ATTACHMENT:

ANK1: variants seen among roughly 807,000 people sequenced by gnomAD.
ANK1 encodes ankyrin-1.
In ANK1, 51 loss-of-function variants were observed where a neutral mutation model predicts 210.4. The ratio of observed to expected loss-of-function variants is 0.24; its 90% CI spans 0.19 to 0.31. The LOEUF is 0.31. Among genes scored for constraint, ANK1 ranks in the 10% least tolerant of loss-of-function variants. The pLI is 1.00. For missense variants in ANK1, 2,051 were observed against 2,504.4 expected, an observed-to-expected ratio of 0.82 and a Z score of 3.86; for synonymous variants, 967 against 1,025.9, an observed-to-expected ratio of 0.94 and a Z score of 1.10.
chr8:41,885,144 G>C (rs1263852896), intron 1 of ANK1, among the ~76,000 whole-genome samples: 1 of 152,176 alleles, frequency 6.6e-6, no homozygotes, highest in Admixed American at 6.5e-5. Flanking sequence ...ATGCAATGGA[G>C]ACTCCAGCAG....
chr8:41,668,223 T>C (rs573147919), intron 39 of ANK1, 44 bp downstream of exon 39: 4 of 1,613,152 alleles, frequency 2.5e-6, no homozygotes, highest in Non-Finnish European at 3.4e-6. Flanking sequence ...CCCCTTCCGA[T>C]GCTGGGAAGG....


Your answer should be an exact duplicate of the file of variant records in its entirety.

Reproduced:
ANK1: variants seen among roughly 807,000 people sequenced by gnomAD.
ANK1 encodes ankyrin-1.
In ANK1, 51 loss-of-function variants were observed where a neutral mutation model predicts 210.4. The ratio of observed to expected loss-of-function variants is 0.24; its 90% CI spans 0.19 to 0.31. The LOEUF is 0.31. Among genes scored for constraint, ANK1 ranks in the 10% least tolerant of loss-of-function variants. The pLI is 1.00. For missense variants in ANK1, 2,051 were observed against 2,504.4 expected, an observed-to-expected ratio of 0.82 and a Z score of 3.86; for synonymous variants, 967 against 1,025.9, an observed-to-expected ratio of 0.94 and a Z score of 1.10.
chr8:41,885,144 G>C (rs1263852896), intron 1 of ANK1, among the ~76,000 whole-genome samples: 1 of 152,176 alleles, frequency 6.6e-6, no homozygotes, highest in Admixed American at 6.5e-5. Flanking sequence ...ATGCAATGGA[G>C]ACTCCAGCAG....
chr8:41,668,223 T>C (rs573147919), intron 39 of ANK1, 44 bp downstream of exon 39: 4 of 1,613,152 alleles, frequency 2.5e-6, no homozygotes, highest in Non-Finnish European at 3.4e-6. Flanking sequence ...CCCCTTCCGA[T>C]GCTGGGAAGG....